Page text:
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James Baldwin, Teju Cole, and Glenn Ligon

This essay uses Edward Said’s theory of affiliation to consider the relationship between James Baldwin and contemporary artists Teju Cole and Glenn Ligon, both of whom explicitly engage with their predecessor’s writing in their own work. Specifically, Baldwin’s essay “Stranger in the Village” (1953) serves a through-line for this discussion, as it is invoked in Cole’s essay “Black Body” and Ligon’s visual series, also titled Stranger in the Village. In juxtaposing these three artists, I argue that they express the dialectical energy of affiliation by articulating ongoing concerns of race relations in America while distinguishing themselves from Baldwin in terms of periodization, medium-specificity, and their broader relationship to Western art practice. In their adoption of Baldwin, Cole and Ligon also imagine a way beyond his historical anxieties and writing-based practice, even as they continue to reinscribe their own work with his arguments about the African-American experience. This essay is an intermedial study that reads fiction, nonfiction, language-based conceptual art and mixed media, as well as contemporary politics and social media in order consider the nuances of the African-American experience from the postwar period to our contemporary moment. Concerns about visuality/visibility in the public sphere, narrative voice, and self-representation, as well as access to cultural artifacts and aesthetic engagement, all emerge in my discussion of this constellation of artists. As a result, this essay identifies an emblematic, though not exclusive, strand of African-American intellectual thinking that has never before been brought together. It also demonstrates the ongoing relevance of Baldwin’s thinking for the contemporary political scene in this country.

James Baldwin Review
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Living with scandal, rumour, and gossip

This book illuminates the personal experience of being at the centre of a media scandal. The existential level of that experience is highlighted by means of the application of ethnological and phenomenological perspectives to extensive empirical material drawn from a Swedish context. The questions raised and answered in this book include the following: How does the experience of being the protagonist in a media scandal affect a person’s everyday life? What happens to routines, trust, and self-confidence? How does it change the basic settings of his or her lifeworld?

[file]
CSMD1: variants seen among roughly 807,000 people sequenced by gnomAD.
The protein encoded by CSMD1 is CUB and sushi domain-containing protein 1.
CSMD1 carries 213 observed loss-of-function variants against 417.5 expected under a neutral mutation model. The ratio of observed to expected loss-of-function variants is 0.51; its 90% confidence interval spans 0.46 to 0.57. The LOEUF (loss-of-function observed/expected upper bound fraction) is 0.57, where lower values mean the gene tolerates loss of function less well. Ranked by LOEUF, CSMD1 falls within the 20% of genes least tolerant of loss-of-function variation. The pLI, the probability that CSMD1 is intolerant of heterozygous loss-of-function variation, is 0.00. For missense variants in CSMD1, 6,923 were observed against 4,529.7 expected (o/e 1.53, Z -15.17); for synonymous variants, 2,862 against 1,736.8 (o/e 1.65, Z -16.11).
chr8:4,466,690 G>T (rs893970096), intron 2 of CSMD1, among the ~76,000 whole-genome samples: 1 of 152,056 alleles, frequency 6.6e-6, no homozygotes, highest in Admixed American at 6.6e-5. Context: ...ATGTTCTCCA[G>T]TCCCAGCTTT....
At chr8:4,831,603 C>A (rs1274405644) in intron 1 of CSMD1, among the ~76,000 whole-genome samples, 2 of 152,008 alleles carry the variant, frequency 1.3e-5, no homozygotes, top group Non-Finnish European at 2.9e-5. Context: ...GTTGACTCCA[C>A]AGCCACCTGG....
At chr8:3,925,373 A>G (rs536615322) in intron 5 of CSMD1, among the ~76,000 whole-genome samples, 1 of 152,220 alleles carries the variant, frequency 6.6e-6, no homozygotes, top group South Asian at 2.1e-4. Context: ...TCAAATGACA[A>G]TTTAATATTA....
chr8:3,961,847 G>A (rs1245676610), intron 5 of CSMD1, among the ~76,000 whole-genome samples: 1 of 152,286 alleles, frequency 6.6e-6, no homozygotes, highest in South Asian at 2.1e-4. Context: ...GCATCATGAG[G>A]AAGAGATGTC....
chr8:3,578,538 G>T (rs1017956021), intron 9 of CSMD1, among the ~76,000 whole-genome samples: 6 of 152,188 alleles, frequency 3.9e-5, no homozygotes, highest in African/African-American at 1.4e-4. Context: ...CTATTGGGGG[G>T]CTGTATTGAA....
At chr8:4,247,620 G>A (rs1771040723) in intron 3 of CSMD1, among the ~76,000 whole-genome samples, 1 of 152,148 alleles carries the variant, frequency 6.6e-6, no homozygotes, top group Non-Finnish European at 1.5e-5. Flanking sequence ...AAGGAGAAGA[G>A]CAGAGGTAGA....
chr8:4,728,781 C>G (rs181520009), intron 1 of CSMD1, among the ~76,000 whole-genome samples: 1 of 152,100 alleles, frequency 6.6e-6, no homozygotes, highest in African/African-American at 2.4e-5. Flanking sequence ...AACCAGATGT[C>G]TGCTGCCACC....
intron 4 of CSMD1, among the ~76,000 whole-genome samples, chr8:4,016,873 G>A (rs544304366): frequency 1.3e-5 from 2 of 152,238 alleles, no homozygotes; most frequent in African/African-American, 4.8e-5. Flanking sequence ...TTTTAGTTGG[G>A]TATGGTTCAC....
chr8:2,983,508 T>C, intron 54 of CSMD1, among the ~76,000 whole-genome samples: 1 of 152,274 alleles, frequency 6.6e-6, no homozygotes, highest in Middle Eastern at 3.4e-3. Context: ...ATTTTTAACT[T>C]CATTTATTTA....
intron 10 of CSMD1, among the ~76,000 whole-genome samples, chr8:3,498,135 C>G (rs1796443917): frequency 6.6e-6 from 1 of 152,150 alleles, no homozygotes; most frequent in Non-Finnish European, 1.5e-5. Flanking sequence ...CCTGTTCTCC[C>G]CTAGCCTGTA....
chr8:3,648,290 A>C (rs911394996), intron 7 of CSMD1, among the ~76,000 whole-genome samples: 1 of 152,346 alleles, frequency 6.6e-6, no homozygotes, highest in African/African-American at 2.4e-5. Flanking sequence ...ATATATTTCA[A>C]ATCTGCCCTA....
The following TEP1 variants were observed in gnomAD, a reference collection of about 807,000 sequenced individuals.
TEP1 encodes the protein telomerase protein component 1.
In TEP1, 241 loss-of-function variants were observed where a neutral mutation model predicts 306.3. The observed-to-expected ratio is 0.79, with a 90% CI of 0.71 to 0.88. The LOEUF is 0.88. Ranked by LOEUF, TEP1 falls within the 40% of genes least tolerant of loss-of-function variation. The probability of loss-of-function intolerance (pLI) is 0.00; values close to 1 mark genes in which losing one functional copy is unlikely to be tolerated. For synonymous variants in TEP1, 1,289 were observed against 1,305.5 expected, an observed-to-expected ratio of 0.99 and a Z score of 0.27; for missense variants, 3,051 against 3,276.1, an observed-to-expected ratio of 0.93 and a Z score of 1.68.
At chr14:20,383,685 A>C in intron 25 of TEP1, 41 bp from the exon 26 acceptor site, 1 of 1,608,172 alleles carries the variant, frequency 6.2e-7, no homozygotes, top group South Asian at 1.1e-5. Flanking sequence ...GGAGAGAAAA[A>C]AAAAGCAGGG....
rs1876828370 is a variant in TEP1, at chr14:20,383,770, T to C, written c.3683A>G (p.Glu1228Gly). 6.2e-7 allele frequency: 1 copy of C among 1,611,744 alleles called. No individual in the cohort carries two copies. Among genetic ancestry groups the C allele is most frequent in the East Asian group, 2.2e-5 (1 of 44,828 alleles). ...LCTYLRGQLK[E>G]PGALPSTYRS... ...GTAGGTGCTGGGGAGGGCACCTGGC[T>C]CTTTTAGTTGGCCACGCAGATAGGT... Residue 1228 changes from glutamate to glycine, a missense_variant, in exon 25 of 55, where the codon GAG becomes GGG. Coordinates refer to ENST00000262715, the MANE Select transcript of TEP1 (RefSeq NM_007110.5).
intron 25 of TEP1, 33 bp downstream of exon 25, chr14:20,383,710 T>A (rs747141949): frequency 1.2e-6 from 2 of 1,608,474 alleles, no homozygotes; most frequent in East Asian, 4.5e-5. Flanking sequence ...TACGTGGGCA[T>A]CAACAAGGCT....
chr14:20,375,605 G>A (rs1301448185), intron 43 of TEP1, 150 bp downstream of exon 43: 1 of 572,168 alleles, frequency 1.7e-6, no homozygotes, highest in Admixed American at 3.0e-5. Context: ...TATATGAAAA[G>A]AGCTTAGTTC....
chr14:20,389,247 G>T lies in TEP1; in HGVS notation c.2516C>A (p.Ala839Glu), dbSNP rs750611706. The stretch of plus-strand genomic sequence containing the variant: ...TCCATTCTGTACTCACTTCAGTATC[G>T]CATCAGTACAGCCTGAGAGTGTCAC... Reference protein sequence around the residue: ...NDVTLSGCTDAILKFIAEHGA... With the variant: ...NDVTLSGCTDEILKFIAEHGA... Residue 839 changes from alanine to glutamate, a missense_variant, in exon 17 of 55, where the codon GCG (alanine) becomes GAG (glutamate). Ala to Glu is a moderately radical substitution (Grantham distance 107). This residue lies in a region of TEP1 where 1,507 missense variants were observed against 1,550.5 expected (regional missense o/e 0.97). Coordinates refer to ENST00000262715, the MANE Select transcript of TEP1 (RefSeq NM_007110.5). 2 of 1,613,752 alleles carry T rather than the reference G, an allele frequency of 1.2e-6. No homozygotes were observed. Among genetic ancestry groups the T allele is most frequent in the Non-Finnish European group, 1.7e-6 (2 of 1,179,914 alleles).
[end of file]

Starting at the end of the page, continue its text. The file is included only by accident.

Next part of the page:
The analysis also contributes new perspectives on the fusion between interpersonal communication that takes place face to face, such as gossip and rumours, and traditional news media in the course of a scandal. A scandal derives its momentum from the audiences, whose engagement in the moral story determines its dissemination and duration. The nature of that engagement also affects the protagonist in specific ways. Members of the public participate through traditional oral communication, one vital aspect of which is activity in digital, social forums.

The author argues that gossip and rumour must be included in the idea of the media system if we are to be able to understand the formation and power of a media scandal, a contention which entails critiques of earlier research. Oral interpersonal communication does not disappear when new communication possibilities arise. Indeed, it may be invigorated by them. The term news legend is introduced, to capture the entanglement between traditional news-media storytelling and oral narrative.

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Memories of cinema-going in the ‘Golden Age’ of Hollywood

research into the memory narratives of a particular local city press, the study argues that personal memory of cinema is socially constructed by its context to create certain culturally sanctioned discourses, in this case figured around age, community, and city identity. If the last two chapters raised issues of history and memory through particular historical and commemorative texts and events in the 1920s